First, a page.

What the Bible Writers Knew

Friday, September 4, 2015

“Now go, write it before them in a table, and note it in a book, that it may be for the time to come for ever and ever: That this is a rebellious people, lying children, children that will not hear the law of the LORD” (Isaiah 30:8,9 KJV).

Did the Bible writers know that their writings were divinely-inspired and perpetual? Yes!

A superficially clever—but actually ridiculous—defense used to try to deny the Bible’s constant authority, is to claim that none of the Bible writers knew we would read (or intended us to read) their books thousands of years later. (Oddly, the same people who use that argument still quote “2,000-plus-year-old” verses to support their denominational biases and they also cite the many-centuries-old writings of the “church fathers” who “also” did not intend for us to use their works centuries later!)

The Lord Jesus in His earthly ministry never said, “Hey, men of Israel, Moses never expected you to read his writings these 15 centuries later! They were only applicable back then so you can just throw away that old Torah!” (Imagine such rubbish anyway!)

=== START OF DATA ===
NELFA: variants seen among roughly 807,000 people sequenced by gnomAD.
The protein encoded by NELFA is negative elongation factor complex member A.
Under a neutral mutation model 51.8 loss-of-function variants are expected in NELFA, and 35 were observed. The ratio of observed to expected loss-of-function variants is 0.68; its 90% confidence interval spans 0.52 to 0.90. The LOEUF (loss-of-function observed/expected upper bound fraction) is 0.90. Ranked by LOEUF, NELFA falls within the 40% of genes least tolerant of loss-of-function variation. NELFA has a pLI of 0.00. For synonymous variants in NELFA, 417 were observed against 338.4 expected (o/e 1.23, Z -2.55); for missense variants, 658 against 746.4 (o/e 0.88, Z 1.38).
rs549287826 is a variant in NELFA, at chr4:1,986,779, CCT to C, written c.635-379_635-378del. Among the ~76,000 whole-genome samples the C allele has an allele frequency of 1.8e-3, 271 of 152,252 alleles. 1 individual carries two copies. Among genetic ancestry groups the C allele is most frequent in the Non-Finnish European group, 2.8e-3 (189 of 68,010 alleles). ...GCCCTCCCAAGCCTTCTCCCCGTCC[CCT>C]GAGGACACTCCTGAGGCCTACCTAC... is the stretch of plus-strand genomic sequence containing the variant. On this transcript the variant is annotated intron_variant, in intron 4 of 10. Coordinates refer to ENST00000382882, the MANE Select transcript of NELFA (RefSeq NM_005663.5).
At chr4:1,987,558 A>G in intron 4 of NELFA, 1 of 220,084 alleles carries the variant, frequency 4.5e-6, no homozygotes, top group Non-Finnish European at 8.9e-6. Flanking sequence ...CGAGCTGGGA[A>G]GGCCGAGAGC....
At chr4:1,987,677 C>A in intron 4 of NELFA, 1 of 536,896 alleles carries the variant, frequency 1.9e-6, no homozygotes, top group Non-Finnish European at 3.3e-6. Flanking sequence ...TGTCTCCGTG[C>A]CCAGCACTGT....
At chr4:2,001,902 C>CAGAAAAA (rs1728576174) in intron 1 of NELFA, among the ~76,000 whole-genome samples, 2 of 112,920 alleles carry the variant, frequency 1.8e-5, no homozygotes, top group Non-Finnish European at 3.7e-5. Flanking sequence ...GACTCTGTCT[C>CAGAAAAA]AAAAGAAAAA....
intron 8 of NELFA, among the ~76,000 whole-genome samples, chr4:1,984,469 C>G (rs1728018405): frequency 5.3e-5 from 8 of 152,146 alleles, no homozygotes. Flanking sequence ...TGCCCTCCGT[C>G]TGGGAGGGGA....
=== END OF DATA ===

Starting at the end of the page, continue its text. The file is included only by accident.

Stop and think about today’s Scripture. The LORD is telling Isaiah to write down some words that will last forever and ever. In fact, we are reading those very words right now… some 2,700 years later! Isaiah knew exactly how long his divinely-inspired book would last because God Himself told him. People would read it for a literal eternity. In fact, we have 66 books of the eternal Bible today… amazingly, the same number of chapters in Isaiah’s eternal book!

David wrote, “The spirit of the LORD spake by me, and his word was in my tongue” (2 Samuel 23:2). Paul recognized he wrote “the commandments of the Lord” (1 Corinthians 14:37). And we know the word of the Lord lasts forever, Isaiah 40:6-8 says (cf. 1 Peter 1:23-25). As Isaiah realized, “And in that day [the Millennial Kingdom beyond our present-day] shall the deaf hear the words of the book, and the eyes of the blind shall see out of obscurity, and out of darkness” (29:18). 🙂